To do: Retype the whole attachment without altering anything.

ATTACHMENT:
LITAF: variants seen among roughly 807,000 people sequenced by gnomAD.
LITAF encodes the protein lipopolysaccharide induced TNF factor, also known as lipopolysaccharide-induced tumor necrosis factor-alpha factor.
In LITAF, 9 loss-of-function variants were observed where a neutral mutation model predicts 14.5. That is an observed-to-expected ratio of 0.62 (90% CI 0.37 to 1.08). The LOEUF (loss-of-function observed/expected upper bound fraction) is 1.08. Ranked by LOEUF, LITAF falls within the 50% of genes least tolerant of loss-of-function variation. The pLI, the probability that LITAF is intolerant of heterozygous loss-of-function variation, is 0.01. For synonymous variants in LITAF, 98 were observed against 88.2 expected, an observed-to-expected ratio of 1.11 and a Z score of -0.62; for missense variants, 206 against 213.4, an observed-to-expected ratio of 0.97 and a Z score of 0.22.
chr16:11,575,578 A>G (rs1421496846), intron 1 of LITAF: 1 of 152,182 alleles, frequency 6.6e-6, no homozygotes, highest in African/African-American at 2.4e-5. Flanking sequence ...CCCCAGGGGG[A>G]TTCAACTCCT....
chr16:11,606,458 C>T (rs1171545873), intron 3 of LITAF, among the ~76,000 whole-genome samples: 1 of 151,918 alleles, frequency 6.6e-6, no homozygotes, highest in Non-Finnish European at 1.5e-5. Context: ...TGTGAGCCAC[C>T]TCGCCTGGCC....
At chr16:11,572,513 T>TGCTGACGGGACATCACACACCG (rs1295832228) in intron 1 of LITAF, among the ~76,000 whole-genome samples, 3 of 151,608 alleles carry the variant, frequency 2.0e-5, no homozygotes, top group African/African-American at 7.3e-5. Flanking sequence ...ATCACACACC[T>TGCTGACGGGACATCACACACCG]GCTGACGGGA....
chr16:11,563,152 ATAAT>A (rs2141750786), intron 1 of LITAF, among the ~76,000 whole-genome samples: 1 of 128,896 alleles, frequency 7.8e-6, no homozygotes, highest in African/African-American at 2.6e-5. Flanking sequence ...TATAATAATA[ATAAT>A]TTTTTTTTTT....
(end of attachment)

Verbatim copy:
LITAF: variants seen among roughly 807,000 people sequenced by gnomAD.
LITAF encodes the protein lipopolysaccharide induced TNF factor, also known as lipopolysaccharide-induced tumor necrosis factor-alpha factor.
In LITAF, 9 loss-of-function variants were observed where a neutral mutation model predicts 14.5. That is an observed-to-expected ratio of 0.62 (90% CI 0.37 to 1.08). The LOEUF (loss-of-function observed/expected upper bound fraction) is 1.08. Ranked by LOEUF, LITAF falls within the 50% of genes least tolerant of loss-of-function variation. The pLI, the probability that LITAF is intolerant of heterozygous loss-of-function variation, is 0.01. For synonymous variants in LITAF, 98 were observed against 88.2 expected, an observed-to-expected ratio of 1.11 and a Z score of -0.62; for missense variants, 206 against 213.4, an observed-to-expected ratio of 0.97 and a Z score of 0.22.
chr16:11,575,578 A>G (rs1421496846), intron 1 of LITAF: 1 of 152,182 alleles, frequency 6.6e-6, no homozygotes, highest in African/African-American at 2.4e-5. Flanking sequence ...CCCCAGGGGG[A>G]TTCAACTCCT....
chr16:11,606,458 C>T (rs1171545873), intron 3 of LITAF, among the ~76,000 whole-genome samples: 1 of 151,918 alleles, frequency 6.6e-6, no homozygotes, highest in Non-Finnish European at 1.5e-5. Context: ...TGTGAGCCAC[C>T]TCGCCTGGCC....
At chr16:11,572,513 T>TGCTGACGGGACATCACACACCG (rs1295832228) in intron 1 of LITAF, among the ~76,000 whole-genome samples, 3 of 151,608 alleles carry the variant, frequency 2.0e-5, no homozygotes, top group African/African-American at 7.3e-5. Flanking sequence ...ATCACACACC[T>TGCTGACGGGACATCACACACCG]GCTGACGGGA....
chr16:11,563,152 ATAAT>A (rs2141750786), intron 1 of LITAF, among the ~76,000 whole-genome samples: 1 of 128,896 alleles, frequency 7.8e-6, no homozygotes, highest in African/African-American at 2.6e-5. Flanking sequence ...TATAATAATA[ATAAT>A]TTTTTTTTTT....